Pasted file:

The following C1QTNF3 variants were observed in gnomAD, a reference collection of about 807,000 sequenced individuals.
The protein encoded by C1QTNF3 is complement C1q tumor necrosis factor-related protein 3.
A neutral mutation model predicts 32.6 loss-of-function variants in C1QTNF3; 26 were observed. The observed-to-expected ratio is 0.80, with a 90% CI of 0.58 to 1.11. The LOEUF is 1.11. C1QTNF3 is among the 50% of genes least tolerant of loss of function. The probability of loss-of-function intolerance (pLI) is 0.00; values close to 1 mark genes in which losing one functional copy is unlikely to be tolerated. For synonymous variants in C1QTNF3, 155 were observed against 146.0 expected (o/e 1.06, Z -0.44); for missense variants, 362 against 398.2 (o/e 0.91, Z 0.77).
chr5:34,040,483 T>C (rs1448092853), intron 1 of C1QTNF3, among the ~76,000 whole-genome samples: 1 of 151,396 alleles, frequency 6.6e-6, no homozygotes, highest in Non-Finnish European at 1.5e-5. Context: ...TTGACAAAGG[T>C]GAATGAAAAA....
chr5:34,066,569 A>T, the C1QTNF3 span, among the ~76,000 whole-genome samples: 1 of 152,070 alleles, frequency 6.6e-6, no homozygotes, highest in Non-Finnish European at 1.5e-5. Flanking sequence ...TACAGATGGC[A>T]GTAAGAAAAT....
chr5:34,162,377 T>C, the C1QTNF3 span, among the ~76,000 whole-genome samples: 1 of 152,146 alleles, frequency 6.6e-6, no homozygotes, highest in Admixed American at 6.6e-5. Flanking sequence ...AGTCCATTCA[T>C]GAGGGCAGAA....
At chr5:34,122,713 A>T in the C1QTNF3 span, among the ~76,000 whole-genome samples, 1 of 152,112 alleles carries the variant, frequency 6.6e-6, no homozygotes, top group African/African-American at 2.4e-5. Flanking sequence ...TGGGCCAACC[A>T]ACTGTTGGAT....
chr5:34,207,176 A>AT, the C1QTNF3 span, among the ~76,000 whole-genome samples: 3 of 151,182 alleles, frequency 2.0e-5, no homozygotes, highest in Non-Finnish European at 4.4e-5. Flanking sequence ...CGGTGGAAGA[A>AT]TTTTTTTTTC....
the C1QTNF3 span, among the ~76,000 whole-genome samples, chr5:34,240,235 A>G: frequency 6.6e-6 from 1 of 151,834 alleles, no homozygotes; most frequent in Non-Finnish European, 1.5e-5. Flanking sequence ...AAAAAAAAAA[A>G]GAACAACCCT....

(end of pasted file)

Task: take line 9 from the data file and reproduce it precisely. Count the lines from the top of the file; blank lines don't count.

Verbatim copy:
the C1QTNF3 span, among the ~76,000 whole-genome samples, chr5:34,240,235 A>G: frequency 6.6e-6 from 1 of 151,834 alleles, no homozygotes; most frequent in Non-Finnish European, 1.5e-5. Flanking sequence ...AAAAAAAAAA[A>G]GAACAACCCT....